21. Biodiversity and Conservation in the Pacific Islands: Why Are We Not Succeeding?

  1. Peter H. Raven4,
  2. Navjot S. Sodhi5 and
  3. Luke Gibson5
  1. Gilianne Brodie1,
  2. Patrick Pikacha2 and
  3. Marika Tuiwawa3

Published Online: 12 JUL 2013

DOI: 10.1002/9781118679838.ch21

Conservation Biology : Voices from the Tropics

Conservation Biology : Voices from the Tropics

How to Cite

Brodie, G., Pikacha, P. and Tuiwawa, M. (2013) Biodiversity and Conservation in the Pacific Islands: Why Are We Not Succeeding?, in Conservation Biology : Voices from the Tropics (eds P. H. Raven, N. S. Sodhi and L. Gibson), John Wiley & Sons, Ltd, Oxford, UK. doi: 10.1002/9781118679838.ch21

Editor Information

  1. 4

    Missouri Botanical Garden

  2. 5

    National University of Singapore

Author Information

  1. 1

    School of Biological and Chemical Sciences, University of the South Pacific, Suva, Fiji Islands

  2. 2

    Solomon Islands Community Conservation Partnership, Honiara, Solomon Islands

  3. 3

    South Pacific Regional Herbarium, University of the South Pacific, Suva, Fiji Islands

Publication History

  1. Published Online: 12 JUL 2013
  2. Published Print: 16 SEP 2013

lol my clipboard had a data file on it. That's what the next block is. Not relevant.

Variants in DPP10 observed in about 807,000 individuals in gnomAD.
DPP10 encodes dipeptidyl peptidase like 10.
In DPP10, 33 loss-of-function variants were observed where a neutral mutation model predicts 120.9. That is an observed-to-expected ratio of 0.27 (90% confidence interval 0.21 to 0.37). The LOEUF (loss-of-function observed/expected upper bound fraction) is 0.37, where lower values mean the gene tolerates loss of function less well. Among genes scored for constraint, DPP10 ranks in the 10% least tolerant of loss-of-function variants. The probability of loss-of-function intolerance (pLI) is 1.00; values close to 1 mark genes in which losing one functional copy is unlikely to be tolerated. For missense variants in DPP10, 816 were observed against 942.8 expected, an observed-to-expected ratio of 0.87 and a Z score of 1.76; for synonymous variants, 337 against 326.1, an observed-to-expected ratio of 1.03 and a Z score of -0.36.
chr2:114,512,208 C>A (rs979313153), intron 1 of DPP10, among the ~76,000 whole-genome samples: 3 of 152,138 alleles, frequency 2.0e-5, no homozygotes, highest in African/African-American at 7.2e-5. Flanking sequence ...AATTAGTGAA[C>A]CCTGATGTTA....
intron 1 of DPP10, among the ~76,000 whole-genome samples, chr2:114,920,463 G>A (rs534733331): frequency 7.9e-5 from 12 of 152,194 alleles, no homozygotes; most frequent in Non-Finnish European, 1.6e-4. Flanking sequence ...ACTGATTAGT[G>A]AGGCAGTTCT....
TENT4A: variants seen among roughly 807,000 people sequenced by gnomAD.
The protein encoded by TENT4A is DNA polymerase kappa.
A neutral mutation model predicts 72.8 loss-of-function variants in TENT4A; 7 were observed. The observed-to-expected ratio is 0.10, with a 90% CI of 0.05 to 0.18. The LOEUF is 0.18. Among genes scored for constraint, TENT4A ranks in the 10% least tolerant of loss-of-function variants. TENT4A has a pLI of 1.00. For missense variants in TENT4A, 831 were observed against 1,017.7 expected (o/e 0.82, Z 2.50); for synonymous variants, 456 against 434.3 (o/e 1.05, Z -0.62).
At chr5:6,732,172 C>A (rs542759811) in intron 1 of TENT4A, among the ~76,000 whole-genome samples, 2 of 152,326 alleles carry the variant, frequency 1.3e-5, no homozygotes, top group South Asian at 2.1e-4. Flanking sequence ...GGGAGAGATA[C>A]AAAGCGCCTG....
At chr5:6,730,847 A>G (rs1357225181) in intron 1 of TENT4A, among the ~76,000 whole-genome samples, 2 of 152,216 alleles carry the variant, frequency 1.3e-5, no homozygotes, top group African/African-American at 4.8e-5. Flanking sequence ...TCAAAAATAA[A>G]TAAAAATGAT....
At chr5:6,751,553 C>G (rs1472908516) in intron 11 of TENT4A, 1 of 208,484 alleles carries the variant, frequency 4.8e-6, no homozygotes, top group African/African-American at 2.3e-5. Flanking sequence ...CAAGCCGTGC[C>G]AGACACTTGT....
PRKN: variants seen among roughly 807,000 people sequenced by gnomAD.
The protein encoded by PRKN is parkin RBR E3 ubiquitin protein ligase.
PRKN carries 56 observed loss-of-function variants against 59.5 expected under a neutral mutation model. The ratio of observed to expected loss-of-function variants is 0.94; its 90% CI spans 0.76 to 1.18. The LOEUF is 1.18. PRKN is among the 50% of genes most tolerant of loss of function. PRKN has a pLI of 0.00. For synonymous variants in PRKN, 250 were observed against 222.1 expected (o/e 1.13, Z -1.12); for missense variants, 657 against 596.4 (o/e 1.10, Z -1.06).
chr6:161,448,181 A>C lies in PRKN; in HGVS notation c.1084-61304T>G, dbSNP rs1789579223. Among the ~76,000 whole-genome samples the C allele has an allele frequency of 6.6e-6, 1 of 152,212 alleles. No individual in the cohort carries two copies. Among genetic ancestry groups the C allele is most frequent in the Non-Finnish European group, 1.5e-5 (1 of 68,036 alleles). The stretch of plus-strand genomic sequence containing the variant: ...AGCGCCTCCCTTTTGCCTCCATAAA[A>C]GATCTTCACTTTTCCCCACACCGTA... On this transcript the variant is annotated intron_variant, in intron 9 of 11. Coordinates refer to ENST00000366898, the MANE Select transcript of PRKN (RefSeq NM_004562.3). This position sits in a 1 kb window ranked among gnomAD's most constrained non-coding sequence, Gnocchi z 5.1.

ISBN Information

Print ISBN: 9780470658635

Online ISBN: 9781118679838

SEARCH

Keywords:

  • biodiversity;
  • conservation;
  • ecosystem changes;
  • human behavior;
  • Pacific Island

Summary

There are more than 25,000 relatively small islands located in the Pacific region. The flora and fauna of these islands are highly diverse, and many of the species that occur in the region have limited ranges and are not found elsewhere in the world. Many of the human‐induced ecosystem changes currently occurring on these fragile islands are irreversible; they often relate to changes in community values and beliefs as well as the growing desire for income generation. Simply knowing the facts will not lead to the conservation of biotas, however. What we need is a change in human behavior at the community, business, and political level. The loss of ecosystem function and biodiversity often results in diminished contributions to human livelihoods.